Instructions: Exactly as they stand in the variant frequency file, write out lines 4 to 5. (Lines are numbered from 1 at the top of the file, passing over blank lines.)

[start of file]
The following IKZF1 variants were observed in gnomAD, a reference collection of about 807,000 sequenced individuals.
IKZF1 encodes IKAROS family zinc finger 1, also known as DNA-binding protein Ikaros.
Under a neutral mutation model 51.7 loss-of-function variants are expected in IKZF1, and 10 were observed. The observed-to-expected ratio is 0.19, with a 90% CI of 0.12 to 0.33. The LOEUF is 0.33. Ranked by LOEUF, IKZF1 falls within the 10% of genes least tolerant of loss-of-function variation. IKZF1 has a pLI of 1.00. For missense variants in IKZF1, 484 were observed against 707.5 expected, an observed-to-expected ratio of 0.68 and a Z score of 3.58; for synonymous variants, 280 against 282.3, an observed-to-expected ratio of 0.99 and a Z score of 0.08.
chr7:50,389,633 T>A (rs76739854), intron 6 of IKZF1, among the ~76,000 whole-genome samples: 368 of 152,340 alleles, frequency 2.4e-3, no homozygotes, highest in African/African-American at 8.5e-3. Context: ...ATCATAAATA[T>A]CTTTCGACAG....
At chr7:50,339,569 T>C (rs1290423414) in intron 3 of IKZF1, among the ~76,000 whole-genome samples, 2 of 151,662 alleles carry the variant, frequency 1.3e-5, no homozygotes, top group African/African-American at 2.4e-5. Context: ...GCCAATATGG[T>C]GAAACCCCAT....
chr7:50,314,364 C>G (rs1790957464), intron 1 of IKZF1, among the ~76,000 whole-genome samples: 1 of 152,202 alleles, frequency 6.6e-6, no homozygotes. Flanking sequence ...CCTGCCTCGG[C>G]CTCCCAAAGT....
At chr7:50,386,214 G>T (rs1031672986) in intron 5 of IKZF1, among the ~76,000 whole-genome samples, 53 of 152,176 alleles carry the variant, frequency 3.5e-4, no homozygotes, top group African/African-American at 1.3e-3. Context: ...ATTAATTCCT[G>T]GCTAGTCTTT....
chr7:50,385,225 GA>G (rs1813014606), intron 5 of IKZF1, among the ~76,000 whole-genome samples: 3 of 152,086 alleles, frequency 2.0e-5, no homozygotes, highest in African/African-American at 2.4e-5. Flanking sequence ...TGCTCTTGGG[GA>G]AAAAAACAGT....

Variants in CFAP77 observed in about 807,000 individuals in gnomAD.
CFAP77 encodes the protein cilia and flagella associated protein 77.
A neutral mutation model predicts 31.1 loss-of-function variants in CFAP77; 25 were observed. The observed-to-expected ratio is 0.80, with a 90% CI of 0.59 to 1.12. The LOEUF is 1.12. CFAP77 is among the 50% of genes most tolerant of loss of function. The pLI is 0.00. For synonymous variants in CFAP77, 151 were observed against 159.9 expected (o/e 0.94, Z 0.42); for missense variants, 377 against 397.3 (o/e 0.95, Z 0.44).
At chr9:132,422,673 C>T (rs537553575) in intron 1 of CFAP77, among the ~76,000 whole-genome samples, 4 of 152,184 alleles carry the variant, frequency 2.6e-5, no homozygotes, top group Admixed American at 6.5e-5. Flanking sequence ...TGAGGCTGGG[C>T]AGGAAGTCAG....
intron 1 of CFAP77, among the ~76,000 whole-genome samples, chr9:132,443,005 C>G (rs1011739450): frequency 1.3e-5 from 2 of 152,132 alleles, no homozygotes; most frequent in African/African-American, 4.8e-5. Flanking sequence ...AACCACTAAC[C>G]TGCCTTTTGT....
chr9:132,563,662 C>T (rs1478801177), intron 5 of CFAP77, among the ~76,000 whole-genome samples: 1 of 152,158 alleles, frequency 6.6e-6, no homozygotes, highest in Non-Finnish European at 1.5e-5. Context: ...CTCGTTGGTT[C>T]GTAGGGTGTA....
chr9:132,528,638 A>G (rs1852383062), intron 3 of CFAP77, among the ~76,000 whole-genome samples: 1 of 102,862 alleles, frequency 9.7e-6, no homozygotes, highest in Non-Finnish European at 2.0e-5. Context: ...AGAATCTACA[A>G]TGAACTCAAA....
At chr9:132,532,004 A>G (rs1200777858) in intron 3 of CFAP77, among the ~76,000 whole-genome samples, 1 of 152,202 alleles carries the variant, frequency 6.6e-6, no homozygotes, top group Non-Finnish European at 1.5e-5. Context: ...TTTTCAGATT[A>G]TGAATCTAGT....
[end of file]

chr7:50,389,633 T>A (rs76739854), intron 6 of IKZF1, among the ~76,000 whole-genome samples: 368 of 152,340 alleles, frequency 2.4e-3, no homozygotes, highest in African/African-American at 8.5e-3. Context: ...ATCATAAATA[T>A]CTTTCGACAG....
At chr7:50,339,569 T>C (rs1290423414) in intron 3 of IKZF1, among the ~76,000 whole-genome samples, 2 of 151,662 alleles carry the variant, frequency 1.3e-5, no homozygotes, top group African/African-American at 2.4e-5. Context: ...GCCAATATGG[T>C]GAAACCCCAT....